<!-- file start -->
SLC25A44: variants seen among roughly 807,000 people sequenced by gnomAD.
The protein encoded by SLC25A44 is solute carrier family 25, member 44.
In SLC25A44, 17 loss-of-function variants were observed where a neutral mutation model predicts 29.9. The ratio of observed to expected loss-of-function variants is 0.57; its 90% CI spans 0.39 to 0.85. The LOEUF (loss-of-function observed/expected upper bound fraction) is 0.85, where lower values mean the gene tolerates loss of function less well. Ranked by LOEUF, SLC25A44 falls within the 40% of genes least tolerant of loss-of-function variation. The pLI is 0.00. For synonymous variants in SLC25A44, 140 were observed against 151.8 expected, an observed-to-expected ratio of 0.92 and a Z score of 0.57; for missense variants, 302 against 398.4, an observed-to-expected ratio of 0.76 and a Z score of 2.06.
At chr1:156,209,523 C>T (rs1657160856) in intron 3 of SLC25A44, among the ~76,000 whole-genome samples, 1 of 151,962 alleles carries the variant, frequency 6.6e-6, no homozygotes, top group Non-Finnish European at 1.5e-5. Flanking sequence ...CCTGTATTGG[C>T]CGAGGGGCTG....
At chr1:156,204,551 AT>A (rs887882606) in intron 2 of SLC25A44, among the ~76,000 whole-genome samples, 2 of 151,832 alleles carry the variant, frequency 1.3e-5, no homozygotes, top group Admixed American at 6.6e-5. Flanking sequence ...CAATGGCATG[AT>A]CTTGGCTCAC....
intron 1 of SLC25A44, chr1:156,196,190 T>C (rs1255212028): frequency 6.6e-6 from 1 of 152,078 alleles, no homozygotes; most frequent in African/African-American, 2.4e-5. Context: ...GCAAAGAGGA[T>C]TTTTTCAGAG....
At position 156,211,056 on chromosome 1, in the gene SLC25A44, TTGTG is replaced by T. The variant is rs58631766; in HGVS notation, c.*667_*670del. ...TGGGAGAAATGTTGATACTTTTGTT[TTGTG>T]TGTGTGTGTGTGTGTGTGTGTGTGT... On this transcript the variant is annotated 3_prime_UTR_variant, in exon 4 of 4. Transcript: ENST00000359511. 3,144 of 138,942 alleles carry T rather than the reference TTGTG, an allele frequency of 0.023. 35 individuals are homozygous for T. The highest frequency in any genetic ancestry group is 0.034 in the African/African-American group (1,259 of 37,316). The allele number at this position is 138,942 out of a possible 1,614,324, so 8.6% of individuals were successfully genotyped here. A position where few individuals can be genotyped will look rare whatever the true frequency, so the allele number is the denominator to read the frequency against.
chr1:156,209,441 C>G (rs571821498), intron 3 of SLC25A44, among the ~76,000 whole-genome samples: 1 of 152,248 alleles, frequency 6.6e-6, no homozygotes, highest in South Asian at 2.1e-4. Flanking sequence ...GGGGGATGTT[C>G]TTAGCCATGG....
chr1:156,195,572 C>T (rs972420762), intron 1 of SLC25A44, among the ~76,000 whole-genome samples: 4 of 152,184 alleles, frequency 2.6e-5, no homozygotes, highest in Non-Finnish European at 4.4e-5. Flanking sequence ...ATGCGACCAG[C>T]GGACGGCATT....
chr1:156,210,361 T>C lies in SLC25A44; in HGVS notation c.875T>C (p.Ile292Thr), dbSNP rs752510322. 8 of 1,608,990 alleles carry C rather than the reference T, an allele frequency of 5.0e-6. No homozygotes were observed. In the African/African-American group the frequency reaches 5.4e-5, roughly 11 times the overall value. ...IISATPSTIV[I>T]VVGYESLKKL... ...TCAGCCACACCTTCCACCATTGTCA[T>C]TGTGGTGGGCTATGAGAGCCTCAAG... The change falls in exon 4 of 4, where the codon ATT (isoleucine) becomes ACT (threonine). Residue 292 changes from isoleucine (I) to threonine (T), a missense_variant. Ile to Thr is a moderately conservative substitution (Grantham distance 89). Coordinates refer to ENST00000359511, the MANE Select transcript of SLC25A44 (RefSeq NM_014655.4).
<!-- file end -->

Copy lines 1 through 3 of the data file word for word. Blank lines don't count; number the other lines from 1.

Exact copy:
SLC25A44: variants seen among roughly 807,000 people sequenced by gnomAD.
The protein encoded by SLC25A44 is solute carrier family 25, member 44.
In SLC25A44, 17 loss-of-function variants were observed where a neutral mutation model predicts 29.9. The ratio of observed to expected loss-of-function variants is 0.57; its 90% CI spans 0.39 to 0.85. The LOEUF (loss-of-function observed/expected upper bound fraction) is 0.85, where lower values mean the gene tolerates loss of function less well. Ranked by LOEUF, SLC25A44 falls within the 40% of genes least tolerant of loss-of-function variation. The pLI is 0.00. For synonymous variants in SLC25A44, 140 were observed against 151.8 expected, an observed-to-expected ratio of 0.92 and a Z score of 0.57; for missense variants, 302 against 398.4, an observed-to-expected ratio of 0.76 and a Z score of 2.06.